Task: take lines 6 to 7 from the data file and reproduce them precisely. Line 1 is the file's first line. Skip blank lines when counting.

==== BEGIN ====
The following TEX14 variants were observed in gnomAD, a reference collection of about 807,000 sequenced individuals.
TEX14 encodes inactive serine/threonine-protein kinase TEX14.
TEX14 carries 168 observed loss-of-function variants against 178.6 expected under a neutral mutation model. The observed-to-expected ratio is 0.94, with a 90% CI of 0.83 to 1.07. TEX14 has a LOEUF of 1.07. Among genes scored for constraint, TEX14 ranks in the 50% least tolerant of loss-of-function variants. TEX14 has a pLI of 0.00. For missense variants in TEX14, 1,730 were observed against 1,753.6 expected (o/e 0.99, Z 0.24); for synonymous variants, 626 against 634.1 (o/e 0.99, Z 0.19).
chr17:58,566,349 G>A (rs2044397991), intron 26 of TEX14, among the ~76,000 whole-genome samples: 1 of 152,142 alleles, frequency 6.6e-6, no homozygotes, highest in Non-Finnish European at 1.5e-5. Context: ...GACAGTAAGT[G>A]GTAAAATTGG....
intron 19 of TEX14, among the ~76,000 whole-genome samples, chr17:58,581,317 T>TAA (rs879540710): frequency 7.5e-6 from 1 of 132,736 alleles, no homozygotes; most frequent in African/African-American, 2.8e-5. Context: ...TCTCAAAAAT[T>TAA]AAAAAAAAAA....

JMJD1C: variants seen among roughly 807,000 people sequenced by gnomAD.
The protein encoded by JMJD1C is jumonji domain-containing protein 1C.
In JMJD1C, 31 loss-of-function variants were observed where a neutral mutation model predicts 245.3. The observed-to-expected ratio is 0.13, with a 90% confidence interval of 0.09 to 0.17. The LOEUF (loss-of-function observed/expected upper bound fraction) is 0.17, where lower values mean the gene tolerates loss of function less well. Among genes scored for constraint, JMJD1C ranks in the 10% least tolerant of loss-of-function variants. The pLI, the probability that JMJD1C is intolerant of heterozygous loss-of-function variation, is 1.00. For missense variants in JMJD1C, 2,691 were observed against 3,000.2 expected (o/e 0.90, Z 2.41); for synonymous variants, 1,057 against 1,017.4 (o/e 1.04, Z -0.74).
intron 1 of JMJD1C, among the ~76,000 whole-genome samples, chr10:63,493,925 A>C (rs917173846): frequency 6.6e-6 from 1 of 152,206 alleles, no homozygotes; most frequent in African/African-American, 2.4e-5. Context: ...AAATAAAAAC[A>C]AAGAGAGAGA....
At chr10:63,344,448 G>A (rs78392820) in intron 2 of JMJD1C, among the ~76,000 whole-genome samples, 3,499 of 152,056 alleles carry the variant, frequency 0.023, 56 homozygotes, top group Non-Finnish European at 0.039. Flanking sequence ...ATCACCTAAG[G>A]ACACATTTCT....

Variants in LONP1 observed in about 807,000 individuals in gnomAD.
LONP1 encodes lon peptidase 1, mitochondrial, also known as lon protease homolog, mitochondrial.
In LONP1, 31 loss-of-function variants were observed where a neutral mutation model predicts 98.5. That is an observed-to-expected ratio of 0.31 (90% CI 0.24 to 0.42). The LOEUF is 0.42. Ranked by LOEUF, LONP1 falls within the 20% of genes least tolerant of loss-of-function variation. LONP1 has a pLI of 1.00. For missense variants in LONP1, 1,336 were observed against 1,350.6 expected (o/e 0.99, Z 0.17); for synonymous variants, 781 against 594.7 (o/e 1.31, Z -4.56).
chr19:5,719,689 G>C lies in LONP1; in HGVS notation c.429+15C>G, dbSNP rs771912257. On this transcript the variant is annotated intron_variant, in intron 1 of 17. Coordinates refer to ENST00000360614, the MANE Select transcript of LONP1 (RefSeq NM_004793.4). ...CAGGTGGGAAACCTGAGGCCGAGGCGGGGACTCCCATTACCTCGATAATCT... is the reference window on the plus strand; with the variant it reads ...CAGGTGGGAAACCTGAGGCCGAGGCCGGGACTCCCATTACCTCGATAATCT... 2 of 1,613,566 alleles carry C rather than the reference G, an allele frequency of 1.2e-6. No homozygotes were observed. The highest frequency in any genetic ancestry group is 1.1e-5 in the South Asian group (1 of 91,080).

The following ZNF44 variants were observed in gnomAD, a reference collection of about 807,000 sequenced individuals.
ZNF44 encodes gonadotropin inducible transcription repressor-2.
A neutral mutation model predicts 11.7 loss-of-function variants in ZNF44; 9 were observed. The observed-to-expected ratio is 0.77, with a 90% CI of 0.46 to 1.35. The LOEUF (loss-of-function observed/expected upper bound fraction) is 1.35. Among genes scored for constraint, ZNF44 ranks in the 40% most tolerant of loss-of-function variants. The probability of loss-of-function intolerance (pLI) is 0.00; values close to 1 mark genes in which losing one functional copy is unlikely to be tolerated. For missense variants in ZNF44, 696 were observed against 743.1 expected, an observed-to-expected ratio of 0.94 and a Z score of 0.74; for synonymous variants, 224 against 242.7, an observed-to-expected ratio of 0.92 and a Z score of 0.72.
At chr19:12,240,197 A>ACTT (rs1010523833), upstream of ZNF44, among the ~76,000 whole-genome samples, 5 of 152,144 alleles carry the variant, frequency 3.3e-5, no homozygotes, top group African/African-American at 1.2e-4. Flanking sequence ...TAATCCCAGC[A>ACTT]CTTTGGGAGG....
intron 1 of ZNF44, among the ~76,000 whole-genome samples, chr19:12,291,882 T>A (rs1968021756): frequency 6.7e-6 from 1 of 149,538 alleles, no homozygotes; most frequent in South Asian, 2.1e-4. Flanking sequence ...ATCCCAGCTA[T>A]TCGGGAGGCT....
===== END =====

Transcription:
JMJD1C: variants seen among roughly 807,000 people sequenced by gnomAD.
The protein encoded by JMJD1C is jumonji domain-containing protein 1C.